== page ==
Memories of Motorbikes and other Vehicles
My family 1928 - 2005
Motorbikes have featured in our family since as long ago as around 1928 when my father George Burton came down from London at weekends to stay at ‘Spion Kop’, the family’s plotland bungalow in Alexandra Road, the unmade part of King Edward Road. They had owned the plot since 1915. I have a treasured photograph of my ‘young’ dad on his first motorbike in the front garden, with his mother, Amy Burton and some other female relatives. I am not sure what they were doing, but it looks like a lot of fun. He also got his first car and driving licence while he was very young without having to pass the driving test, which I believe, didn’t came in until around 1937. He once told me that he couldn’t get his car up Crown Hill as the petrol would run out of the tank, so he had to turn the car round and reverse it to the top.
My older brother Dennis had a bright blue Douglas when he was in his late teens - his pride and joy. He started his National Service in 1948 and became a motorbike despatch rider in Germany, which suited him perfectly. On his return, he often went scrambling and dirt track racing with many of his friends, Bobby Richardson and Ronny Graves to name just two. I was only about 4 years old at that time and when I asked him where he was going, his answer confused me: “Dirt track at Grays”. I didn’t know what he was talking about but it sounded like a murky uninviting place to me. He gave me a pillion ride once but I didn’t like it much. He could reel off a list of names of the famous bikers of the day, (Barry Briggs comes to mind), their machines and achievements because he was a terrific fan. His garage was an old air raid shelter in our garden known as the engine shed. He kept his bike in there, also a wind up record player with a stack of 78” records and a couple of deckchairs – a proper young man’s den. On one occasion, I ran in to see him, jumped into one of the deckchairs and heard a CRACK. He shouted “Now look what you’ve done”. I had landed on one of his 78s and broken it in half. On another occasion when he has home on leave during the National Service, I woke him one morning by playing my music box close to his ear when he was having a lie in. His response was to shout to our mum “Get her out of here, I was trying to sleep”. Poor Den, I seem to have caused him plenty of annoyance when I was 4 years old. On reflection, in a deckchair was rather an unwise place to put a 78″ record. In the summer of 1951, he brought his future wife home to meet us, transported of course, on the back of his motorbike. After they married, their first family vehicle was a motorbike and sidecar combination. They progressed to a Bedford Dormobile, a Landrover and eventually a conventional four door saloon.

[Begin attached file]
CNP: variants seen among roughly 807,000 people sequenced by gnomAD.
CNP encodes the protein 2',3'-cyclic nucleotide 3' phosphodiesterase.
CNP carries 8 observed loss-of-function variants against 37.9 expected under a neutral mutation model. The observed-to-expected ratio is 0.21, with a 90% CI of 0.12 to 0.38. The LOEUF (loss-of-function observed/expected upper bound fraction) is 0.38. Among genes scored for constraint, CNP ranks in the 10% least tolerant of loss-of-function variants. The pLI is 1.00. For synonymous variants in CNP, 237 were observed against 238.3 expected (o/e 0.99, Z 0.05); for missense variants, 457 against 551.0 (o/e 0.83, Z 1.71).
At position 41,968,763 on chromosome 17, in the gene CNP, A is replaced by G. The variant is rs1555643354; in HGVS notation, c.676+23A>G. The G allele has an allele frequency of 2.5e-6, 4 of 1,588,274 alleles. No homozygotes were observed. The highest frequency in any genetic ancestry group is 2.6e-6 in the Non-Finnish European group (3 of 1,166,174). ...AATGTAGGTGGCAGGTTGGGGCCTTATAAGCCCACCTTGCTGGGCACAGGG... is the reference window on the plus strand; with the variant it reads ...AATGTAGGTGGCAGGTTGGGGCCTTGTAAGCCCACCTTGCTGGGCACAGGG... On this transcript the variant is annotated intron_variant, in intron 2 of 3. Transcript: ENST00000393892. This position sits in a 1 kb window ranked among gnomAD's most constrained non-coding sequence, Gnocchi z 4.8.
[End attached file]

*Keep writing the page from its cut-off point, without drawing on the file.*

We didn’t have a car during my childhood, we rode pushbikes. I travelled around on a little seat fitted to the back of my dad’s bike until I was old enough to ride one myself. My dad’s biking ‘uniform’ was cloth cap, gabardine mac and bicycle clips to stop his trouser legs flapping about. He rode in all weathers, often arriving home soaking wet and I can still remember the damp smell of his wet clothes as they hung drying in the kitchen. When my little brother Alan started school in 1956, he rode his bike along side my mum on hers, to and from Markhams Chase. One afternoon we were walking up King Edward Road on the way home from school, his PE kit was hanging from the front handlebar. He was riding very slowly in front of mum and myself, keeping pace, when the bag caught in the wheel and jammed causing the back wheel to tip up and throw him sharply over the handlebars onto the pavement in front with a crash, showing you don’t have to be going very fast to have an accident. It was quite a shock but although winded, thankfully he wasn’t badly hurt.
Mud was a big problem for Laindon bike riders in wintertime. With so many unmade roads, even mudguards became clogged up. I remember having to dig mud out with a stick from under the mudguards of my little pushbike and woe betide anyone standing behind a motorbike that had got stuck in the mud because revving the engine could send the back wheel spinning, sending a spray of muddy slush high in the air, covering anyone in the vicinity.